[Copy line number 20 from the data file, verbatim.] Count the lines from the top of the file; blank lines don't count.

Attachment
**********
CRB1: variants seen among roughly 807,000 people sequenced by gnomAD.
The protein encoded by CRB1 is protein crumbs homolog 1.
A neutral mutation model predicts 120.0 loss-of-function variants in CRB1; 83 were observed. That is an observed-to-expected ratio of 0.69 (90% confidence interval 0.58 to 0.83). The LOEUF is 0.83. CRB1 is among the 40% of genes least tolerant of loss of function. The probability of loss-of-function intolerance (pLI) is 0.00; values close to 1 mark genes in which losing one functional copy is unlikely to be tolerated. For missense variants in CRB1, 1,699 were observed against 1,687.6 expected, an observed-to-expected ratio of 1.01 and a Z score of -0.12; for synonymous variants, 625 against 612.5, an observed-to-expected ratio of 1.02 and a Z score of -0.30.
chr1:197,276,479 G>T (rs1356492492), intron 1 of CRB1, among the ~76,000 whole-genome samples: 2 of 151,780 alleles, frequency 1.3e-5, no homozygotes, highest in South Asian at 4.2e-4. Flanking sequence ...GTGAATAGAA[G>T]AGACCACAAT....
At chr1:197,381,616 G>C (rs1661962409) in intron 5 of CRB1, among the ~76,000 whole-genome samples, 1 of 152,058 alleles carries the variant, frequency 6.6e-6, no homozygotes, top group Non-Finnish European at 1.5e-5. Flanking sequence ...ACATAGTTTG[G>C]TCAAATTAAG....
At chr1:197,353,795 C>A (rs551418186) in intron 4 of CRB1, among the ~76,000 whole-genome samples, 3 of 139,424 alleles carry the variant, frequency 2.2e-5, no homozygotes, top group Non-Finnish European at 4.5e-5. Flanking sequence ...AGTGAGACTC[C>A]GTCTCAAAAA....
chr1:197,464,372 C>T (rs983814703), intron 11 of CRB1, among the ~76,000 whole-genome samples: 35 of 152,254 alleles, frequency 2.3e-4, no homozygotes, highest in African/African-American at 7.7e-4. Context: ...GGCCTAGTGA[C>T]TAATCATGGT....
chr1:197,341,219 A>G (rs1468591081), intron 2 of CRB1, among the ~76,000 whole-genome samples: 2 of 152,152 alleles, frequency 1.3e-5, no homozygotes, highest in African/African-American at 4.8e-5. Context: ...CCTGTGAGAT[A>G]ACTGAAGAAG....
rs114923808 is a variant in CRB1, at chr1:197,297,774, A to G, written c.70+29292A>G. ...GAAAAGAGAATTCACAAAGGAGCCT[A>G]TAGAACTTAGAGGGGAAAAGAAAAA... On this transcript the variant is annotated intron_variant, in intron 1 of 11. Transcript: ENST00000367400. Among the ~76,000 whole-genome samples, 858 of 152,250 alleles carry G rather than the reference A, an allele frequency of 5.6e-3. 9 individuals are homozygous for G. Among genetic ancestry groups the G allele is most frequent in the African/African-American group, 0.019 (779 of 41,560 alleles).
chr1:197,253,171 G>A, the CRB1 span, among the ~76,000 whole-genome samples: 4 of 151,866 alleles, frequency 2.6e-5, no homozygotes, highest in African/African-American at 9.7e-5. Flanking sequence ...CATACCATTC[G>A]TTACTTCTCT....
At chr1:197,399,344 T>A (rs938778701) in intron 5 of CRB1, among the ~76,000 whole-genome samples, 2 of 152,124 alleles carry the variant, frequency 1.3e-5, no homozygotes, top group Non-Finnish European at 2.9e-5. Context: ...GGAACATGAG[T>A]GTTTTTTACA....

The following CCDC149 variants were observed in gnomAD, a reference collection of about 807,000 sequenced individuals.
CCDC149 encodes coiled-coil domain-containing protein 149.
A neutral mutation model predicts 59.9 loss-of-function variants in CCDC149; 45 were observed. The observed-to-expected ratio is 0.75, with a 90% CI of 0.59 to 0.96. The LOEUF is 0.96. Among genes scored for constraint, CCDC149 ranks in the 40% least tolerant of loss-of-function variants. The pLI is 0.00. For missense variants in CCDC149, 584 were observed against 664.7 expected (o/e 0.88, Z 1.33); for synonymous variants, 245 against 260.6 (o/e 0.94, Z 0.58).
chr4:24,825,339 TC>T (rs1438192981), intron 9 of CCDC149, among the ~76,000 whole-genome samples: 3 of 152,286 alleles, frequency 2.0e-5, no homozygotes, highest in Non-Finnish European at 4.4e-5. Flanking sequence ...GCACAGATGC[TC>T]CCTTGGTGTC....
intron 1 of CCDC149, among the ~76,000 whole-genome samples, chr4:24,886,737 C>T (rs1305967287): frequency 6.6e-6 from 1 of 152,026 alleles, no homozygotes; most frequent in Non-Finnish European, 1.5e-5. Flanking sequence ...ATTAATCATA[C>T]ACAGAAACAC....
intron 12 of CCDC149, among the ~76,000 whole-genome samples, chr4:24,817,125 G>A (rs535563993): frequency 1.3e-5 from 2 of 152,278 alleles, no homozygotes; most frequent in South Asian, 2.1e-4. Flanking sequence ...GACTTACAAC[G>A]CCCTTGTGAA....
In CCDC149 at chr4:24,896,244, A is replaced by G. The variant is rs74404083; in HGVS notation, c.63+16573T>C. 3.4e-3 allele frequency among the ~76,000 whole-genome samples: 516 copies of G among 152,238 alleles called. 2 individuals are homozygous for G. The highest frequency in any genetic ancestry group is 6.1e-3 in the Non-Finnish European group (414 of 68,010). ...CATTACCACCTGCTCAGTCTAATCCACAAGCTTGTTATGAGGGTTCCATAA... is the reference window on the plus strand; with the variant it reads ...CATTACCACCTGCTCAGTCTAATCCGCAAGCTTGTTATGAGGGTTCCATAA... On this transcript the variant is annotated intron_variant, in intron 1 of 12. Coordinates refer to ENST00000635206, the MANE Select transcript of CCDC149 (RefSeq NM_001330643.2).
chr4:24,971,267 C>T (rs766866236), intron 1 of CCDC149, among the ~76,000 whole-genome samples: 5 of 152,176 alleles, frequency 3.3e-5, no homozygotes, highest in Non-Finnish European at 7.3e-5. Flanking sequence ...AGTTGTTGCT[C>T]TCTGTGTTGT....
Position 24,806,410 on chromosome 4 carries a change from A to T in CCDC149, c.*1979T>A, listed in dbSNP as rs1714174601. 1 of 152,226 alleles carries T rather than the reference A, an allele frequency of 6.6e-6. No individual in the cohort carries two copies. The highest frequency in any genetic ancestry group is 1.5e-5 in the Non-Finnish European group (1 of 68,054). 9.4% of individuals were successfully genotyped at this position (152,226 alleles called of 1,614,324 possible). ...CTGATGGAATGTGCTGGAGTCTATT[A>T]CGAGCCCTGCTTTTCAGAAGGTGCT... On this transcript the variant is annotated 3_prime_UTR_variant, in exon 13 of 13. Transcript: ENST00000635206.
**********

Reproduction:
Position 24,806,410 on chromosome 4 carries a change from A to T in CCDC149, c.*1979T>A, listed in dbSNP as rs1714174601. 1 of 152,226 alleles carries T rather than the reference A, an allele frequency of 6.6e-6. No individual in the cohort carries two copies. The highest frequency in any genetic ancestry group is 1.5e-5 in the Non-Finnish European group (1 of 68,054). 9.4% of individuals were successfully genotyped at this position (152,226 alleles called of 1,614,324 possible). ...CTGATGGAATGTGCTGGAGTCTATT[A>T]CGAGCCCTGCTTTTCAGAAGGTGCT... On this transcript the variant is annotated 3_prime_UTR_variant, in exon 13 of 13. Transcript: ENST00000635206.